Vote splitting in Red Deer targeted

PC leader Jason Kenney discusses unity referendum

Red Deer is a cautionary tale when it comes to vote splitting, a problem that could be eliminated if the Progressive Conservatives and Wildrose unite, says PC Leader Jason Kenney.

“The Red Deer constituencies are really ground zero for the vote splitting problem that created the NDP. The NDP won one of the constituencies with 29 per cent, and the other with, I think, 33 per cent of the vote,” said Kenney before speaking in Red Deer on Tuesday night at a town hall meeting at the Radisson Hotel about the upcoming unity referendum.

“It was the most efficient vote split for the NDP in the province, in this city. We think that Red Deer is the object lesson for the need to unite on the free enterprise side of Alberta politics.”

PC members will be able to vote in the upcoming unity referendum by Internet and by phone from 8 a.m. on July 20 to 6 p.m. on July 22. The deadline to buy a membership online to be able to vote is midnight on July 12.

He said online voting will be used to maximize participation during the summer when people are travelling. But there may also be voting terminals set up in communities for people who are not online.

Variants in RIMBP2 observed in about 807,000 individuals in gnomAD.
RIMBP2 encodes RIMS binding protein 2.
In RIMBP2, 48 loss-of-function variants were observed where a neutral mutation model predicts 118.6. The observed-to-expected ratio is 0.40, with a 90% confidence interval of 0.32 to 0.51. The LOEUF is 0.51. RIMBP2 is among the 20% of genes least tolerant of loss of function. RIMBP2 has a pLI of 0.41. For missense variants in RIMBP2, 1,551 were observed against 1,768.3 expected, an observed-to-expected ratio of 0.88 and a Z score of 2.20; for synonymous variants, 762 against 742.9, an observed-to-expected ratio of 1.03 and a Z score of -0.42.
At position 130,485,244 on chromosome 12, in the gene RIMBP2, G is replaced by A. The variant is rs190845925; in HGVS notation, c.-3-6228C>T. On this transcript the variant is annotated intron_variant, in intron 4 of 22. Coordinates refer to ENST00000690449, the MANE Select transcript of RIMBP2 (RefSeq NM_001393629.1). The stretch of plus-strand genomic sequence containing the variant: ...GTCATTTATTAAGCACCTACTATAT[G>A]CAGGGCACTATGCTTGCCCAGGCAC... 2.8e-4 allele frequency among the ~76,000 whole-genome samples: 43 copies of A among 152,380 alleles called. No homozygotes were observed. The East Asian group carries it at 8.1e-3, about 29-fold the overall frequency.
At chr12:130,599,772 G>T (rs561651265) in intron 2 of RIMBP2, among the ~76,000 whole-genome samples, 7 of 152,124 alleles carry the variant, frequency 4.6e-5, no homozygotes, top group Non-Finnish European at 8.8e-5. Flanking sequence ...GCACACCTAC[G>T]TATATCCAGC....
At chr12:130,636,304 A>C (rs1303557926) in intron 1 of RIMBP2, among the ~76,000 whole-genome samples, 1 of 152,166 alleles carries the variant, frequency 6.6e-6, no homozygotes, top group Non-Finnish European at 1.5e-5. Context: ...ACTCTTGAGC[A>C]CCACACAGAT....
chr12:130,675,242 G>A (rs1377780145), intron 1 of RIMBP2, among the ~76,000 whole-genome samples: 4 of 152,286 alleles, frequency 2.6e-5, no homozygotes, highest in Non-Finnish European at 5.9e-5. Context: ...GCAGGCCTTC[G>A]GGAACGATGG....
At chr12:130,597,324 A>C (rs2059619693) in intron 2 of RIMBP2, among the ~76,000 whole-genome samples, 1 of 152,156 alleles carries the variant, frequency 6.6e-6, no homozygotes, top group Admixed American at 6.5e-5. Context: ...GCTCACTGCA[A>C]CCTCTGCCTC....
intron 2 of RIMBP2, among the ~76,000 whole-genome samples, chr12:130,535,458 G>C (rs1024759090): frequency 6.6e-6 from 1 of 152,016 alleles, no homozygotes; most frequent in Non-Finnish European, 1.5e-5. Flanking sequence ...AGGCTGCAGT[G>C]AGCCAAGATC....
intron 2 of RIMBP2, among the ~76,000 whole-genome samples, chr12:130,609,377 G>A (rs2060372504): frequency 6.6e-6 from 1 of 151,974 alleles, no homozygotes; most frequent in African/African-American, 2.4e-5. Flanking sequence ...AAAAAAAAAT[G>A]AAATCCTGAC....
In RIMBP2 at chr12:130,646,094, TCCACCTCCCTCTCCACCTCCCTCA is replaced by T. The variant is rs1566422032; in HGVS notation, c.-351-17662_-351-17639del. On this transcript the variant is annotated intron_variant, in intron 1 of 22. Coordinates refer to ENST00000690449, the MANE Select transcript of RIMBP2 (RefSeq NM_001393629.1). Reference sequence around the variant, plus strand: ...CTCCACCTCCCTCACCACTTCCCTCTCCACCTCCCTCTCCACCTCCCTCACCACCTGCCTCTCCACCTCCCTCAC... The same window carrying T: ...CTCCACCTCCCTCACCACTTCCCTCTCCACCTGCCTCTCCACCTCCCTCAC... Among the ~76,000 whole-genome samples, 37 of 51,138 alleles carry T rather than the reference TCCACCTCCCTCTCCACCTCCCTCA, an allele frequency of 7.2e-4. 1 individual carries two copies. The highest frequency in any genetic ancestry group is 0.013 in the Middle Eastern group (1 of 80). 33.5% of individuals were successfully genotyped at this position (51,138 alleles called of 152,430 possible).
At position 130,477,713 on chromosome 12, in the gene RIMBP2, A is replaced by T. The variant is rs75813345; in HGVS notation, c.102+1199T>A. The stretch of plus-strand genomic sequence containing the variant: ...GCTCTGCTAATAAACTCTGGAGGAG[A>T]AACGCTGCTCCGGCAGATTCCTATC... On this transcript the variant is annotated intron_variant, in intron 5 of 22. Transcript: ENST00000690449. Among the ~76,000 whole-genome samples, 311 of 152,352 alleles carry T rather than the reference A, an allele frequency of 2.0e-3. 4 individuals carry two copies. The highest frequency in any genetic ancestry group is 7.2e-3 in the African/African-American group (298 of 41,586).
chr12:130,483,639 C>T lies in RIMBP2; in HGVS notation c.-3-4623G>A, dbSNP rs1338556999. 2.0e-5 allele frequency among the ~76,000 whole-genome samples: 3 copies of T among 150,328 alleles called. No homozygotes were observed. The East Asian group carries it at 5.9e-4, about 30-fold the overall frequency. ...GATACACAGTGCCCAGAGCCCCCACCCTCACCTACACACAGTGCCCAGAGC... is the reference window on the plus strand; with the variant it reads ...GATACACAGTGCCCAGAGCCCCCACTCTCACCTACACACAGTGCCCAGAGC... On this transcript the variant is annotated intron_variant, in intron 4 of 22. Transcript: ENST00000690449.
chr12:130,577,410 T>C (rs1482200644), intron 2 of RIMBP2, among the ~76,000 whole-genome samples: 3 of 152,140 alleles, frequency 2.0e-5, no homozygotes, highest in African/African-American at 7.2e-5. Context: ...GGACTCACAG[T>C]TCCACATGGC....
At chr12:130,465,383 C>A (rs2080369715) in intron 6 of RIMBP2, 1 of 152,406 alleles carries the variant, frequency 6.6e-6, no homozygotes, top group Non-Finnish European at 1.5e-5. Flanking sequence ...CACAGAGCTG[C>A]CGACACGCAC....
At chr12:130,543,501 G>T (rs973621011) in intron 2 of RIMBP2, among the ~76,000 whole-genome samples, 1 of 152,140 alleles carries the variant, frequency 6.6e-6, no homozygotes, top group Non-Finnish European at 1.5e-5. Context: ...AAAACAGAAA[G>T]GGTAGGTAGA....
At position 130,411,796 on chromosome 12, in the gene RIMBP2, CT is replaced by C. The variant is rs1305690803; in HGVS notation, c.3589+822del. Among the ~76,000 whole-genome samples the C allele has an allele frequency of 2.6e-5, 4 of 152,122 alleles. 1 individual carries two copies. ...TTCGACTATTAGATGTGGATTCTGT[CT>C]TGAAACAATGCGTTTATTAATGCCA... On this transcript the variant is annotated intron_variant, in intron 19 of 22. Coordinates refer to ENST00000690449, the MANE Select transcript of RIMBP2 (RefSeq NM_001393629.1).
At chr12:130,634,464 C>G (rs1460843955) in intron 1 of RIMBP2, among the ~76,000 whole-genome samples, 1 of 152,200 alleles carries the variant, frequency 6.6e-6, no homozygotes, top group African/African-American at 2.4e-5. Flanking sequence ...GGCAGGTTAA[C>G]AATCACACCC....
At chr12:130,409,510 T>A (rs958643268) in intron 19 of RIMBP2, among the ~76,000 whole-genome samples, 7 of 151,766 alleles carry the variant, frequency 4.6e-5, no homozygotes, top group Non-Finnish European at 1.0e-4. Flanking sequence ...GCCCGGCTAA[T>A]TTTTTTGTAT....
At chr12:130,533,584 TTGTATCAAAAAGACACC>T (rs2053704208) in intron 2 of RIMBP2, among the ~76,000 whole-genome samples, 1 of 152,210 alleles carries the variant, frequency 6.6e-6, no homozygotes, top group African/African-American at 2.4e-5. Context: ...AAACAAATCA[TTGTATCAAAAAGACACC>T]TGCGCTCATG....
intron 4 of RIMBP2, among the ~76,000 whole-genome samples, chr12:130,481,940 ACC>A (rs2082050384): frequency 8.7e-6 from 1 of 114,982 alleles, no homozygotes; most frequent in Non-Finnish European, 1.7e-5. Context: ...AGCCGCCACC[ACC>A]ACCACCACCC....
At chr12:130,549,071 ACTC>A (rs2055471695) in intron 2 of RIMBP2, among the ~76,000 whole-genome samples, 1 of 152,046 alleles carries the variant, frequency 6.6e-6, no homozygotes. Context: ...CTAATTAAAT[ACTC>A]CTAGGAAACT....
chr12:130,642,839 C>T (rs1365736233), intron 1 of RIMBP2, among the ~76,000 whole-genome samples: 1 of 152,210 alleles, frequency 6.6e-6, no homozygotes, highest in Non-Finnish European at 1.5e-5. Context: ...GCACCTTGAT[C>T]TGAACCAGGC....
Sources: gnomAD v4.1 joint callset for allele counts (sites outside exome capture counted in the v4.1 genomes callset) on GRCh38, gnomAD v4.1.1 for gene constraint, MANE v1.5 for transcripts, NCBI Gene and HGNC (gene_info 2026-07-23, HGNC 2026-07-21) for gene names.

“We anticipate some of the cities, possibly Red Deer, there will be a voting location where people can come and actually cast their ballot online and we’ll help them with that process.”

He said the NDP are doing great damage to Alberta’s economy, and it’s time for PC and Wildrose members to bury the hatchet.

“The two parties are voting identically in the legislature 90 per cent of the time. There’s no major issue on which they disagree. And they were part of the same provincial coalition for the better part of four decades in the PC party before it fractured.”

It’s natural, almost inevitable, that the rift be mended, he said.

“I just say let’s make it happen before and not after the next election. I’ve got a sense of urgency about this, and I think a growing number of Albertans do as well. Red Deer and Central Alberta are going to play a key role in all of this.”

Kenney said the unity movement is about recreating a mainstream, free enterprise coalition.

“What we’re trying to do is create a contemporary version of the Peter Lougheed or Ralph Klein coalitions, a provincial version of the Conservative Party of Canada that typically wins 65 per cent of the vote in Alberta.”

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